This floating castle appears to be from an enchanted fable, but in actuality it is Europe's best preserved Renaissance water castle.
The Moika Palace in St. Petersburg, Russia was once the primary residence of the House of Yusupov, one of the most distinguished noble families in the nation. However, the building is better-known as the site of Grigori Rasputin’s murder in December 1916.
The palace was first built in 1776 by the French architect Jean-Baptiste Vallin de la Mothe. Over the years, a number of architects worked on the palace including the famous Italian sculptor Emilio Sala. This combination of expertise resulted in a diverse clash of architectural styles.
A more thorough reconstruction took place in the 1830s when the Yusupovs became owners of the building. The present-day palace retains the same look that this reconstruction thrust upon it.
Members of the House of Yusupov resided in the palace from 1830 to 1917, where the family became known for their philanthropic endeavors and vast art collection featuring over 40,000 sculptures and paintings composed by world-renowned artists. The structure became known as the Yusupov Palace in this time, and is often referred to as such today.
The early 20th century in Russia saw the rise of a peculiar Christian mystic by the name of Grigory Rasputin. Rasputin had gained favor with the queen in the absence of Tsar Nicholas II, who was off fighting wars. He was thought to be a miracle worker whose presence provided relief to Tsar Nicholas’ son, who suffered from severe hemophilia. Rasputin’s strong political influence and his sexual promiscuity behind closed doors angered the Russian elite, who had him assassinated on the grounds of the Yusupov Palace in 1916. Prince Felix Yusupov’s memoirs relay Rasputin’s assassination as a shocking affair, as he was not affected by enormous amounts of cyanide put in his food and wine. Rasputin’s assailants shot him in the chest, and thought him dead until he leapt up and fled. They then shot him in the head, and some surmise that even that didn’t kill him, as they then drove to a nearby river and drowned him.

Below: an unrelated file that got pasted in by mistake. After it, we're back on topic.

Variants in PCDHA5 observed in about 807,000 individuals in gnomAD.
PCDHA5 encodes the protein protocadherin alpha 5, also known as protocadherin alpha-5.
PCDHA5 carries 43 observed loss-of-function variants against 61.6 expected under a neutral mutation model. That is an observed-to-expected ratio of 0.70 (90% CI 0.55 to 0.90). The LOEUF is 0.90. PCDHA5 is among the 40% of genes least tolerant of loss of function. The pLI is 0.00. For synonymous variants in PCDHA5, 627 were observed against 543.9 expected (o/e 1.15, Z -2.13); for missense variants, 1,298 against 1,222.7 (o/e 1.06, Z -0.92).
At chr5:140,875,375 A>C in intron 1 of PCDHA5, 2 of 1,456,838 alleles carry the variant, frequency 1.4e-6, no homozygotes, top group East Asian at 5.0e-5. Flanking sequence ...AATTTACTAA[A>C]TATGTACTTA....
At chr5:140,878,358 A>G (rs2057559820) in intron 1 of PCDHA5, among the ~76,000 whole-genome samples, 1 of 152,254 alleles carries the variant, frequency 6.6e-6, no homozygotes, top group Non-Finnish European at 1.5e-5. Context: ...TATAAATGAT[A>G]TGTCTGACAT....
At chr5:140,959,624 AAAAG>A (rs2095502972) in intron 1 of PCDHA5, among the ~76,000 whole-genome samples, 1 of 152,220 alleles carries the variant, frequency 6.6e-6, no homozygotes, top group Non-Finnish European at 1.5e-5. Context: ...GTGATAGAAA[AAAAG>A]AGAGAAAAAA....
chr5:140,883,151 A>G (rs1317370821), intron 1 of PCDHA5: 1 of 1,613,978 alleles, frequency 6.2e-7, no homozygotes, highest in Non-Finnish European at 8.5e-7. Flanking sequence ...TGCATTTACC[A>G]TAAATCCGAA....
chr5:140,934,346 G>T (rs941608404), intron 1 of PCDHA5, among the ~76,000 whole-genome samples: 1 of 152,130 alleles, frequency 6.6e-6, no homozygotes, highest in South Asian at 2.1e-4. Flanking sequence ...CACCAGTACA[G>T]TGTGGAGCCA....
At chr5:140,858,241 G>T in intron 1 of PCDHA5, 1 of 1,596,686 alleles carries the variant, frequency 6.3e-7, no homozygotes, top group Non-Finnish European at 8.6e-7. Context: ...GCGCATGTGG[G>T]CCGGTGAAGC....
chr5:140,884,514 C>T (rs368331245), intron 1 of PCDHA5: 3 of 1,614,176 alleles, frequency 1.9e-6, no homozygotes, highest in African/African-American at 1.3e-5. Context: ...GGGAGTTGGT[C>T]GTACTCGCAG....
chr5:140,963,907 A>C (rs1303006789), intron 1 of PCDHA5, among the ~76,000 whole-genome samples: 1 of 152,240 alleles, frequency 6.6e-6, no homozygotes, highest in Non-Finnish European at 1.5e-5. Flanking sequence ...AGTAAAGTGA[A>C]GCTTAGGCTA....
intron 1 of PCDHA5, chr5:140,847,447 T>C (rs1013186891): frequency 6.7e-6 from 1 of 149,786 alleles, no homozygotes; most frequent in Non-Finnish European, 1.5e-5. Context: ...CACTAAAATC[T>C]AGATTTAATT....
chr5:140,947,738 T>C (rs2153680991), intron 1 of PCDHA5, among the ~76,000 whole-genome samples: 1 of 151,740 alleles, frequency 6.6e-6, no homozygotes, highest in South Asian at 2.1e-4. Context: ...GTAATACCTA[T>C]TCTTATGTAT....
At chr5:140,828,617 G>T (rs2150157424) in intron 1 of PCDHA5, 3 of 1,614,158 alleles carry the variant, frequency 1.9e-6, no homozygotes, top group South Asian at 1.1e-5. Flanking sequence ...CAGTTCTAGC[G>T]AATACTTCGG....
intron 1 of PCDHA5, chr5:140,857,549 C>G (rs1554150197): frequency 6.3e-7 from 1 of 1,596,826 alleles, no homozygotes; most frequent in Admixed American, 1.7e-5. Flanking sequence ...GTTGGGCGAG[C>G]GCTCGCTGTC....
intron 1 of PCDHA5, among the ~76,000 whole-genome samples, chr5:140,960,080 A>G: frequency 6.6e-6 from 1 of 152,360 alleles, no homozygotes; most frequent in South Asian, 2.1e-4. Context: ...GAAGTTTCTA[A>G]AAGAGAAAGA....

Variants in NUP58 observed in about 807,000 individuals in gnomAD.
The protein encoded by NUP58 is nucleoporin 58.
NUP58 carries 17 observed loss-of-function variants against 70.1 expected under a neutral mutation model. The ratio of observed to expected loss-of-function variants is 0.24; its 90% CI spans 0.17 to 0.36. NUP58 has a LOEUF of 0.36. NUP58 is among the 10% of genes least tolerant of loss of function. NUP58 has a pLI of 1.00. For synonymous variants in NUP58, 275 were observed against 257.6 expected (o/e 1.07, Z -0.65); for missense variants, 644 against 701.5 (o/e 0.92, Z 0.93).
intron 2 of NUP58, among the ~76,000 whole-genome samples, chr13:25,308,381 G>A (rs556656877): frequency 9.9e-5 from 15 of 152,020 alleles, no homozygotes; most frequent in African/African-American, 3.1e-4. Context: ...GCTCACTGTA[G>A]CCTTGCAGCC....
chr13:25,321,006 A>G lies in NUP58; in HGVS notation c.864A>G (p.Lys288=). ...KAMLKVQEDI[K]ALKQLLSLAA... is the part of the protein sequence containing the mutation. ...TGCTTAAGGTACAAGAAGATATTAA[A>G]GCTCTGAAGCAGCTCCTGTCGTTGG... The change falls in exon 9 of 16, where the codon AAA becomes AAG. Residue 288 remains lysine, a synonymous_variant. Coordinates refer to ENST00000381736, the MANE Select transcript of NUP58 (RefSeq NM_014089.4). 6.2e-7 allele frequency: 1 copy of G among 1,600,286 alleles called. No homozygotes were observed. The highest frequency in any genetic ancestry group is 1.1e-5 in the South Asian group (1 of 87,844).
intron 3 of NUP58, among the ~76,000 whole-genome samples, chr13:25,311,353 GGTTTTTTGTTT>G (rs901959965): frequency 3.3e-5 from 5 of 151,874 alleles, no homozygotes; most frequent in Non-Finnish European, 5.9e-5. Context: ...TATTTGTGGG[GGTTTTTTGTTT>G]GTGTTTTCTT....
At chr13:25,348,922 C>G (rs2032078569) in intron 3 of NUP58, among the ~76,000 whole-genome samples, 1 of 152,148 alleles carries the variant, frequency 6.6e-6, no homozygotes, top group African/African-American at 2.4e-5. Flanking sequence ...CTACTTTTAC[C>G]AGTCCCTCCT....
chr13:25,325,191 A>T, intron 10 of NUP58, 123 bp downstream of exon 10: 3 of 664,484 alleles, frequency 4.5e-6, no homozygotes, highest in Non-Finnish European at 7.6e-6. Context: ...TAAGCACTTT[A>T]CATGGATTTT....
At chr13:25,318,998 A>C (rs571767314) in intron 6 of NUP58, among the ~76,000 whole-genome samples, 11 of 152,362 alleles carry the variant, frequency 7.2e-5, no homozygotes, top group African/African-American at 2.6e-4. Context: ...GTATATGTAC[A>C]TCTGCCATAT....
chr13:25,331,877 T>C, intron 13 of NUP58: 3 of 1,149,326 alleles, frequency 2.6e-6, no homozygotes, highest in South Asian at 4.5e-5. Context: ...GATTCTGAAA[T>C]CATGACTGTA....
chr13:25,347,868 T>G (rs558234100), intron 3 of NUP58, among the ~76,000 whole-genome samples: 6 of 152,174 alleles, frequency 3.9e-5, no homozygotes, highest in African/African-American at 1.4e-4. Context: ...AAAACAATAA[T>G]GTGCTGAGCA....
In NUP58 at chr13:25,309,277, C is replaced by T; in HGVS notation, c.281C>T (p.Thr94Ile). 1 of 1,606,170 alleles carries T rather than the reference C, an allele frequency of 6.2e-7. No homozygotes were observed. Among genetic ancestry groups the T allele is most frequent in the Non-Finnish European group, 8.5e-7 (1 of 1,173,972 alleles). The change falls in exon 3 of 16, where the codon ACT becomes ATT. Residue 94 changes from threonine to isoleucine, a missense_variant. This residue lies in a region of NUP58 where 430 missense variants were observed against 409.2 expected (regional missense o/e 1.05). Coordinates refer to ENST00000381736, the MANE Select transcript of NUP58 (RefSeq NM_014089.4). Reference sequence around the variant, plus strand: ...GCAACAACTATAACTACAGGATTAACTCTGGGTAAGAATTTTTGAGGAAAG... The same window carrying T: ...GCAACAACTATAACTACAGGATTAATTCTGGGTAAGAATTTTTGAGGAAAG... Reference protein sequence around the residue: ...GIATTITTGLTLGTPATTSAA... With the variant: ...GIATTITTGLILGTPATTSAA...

The Russian Revolution followed shortly after Rasputin’s death. Once the Soviets came to power, they confiscated the property of the nobility. In 1925, the palace was handed over to the city’s Education Commissariat. The courtyard where Rasputin attempted to flee from his killers is now occupied by a kindergarten playground adjacent to the main building.
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